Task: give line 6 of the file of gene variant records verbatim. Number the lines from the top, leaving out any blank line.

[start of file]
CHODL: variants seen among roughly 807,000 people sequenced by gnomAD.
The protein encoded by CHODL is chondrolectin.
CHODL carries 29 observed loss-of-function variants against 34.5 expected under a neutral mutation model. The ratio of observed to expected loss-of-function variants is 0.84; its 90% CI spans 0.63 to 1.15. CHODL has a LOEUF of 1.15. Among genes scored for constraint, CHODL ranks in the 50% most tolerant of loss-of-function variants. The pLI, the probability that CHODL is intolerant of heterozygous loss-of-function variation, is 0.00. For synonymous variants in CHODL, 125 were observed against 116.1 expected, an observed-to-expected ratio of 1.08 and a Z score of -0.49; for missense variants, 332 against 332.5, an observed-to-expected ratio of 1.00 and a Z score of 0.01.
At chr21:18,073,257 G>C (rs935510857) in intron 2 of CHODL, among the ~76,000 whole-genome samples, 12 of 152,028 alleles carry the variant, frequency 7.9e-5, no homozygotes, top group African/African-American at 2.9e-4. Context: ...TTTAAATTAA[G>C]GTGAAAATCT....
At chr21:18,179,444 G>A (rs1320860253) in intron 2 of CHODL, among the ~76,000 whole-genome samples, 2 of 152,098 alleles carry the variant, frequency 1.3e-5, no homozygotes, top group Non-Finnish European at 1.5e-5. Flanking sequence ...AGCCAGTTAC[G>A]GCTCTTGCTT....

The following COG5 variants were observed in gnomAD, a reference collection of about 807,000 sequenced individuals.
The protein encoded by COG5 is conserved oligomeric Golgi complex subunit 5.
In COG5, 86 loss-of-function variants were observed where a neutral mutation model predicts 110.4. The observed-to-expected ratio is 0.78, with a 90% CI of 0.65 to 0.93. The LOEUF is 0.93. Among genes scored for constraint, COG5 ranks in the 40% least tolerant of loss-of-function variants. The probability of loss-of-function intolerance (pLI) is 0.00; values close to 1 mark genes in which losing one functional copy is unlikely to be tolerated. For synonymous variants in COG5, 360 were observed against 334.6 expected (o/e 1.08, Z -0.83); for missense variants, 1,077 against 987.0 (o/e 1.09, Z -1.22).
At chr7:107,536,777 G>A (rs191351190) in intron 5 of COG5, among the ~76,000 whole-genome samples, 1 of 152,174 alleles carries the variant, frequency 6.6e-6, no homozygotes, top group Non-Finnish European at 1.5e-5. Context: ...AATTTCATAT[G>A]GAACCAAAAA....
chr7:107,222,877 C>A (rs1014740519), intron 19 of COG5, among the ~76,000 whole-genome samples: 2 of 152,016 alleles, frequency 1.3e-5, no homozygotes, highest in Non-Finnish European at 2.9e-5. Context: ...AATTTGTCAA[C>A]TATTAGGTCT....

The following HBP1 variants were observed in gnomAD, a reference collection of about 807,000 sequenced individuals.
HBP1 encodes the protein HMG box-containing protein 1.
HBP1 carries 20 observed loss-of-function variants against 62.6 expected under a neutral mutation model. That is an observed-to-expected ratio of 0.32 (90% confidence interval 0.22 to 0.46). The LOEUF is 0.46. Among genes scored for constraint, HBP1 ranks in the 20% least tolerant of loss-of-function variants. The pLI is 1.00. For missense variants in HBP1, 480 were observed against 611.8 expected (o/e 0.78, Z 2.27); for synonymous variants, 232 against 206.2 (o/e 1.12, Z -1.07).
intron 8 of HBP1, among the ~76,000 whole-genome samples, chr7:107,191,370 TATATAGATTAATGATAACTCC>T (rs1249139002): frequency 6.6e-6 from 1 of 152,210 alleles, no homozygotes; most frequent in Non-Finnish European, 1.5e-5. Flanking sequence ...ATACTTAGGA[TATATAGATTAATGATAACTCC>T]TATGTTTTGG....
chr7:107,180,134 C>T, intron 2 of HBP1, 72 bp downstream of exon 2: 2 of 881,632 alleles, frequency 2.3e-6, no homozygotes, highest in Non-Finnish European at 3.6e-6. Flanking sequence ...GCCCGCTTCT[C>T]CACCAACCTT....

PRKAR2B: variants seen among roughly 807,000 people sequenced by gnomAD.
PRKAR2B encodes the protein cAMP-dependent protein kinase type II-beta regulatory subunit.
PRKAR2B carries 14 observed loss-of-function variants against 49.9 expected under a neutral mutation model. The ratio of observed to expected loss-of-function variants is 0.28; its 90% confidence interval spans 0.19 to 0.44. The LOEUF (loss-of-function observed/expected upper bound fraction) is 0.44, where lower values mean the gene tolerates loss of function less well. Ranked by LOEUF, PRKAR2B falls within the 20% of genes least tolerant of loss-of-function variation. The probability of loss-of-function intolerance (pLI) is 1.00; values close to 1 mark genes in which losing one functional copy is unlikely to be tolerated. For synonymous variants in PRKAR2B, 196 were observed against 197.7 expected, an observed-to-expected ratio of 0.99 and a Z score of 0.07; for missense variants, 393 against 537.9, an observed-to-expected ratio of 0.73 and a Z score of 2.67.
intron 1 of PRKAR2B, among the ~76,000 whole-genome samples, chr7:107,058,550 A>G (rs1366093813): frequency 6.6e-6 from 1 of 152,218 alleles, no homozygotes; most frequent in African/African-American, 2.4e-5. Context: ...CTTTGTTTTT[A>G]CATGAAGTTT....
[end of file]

The following COG5 variants were observed in gnomAD, a reference collection of about 807,000 sequenced individuals.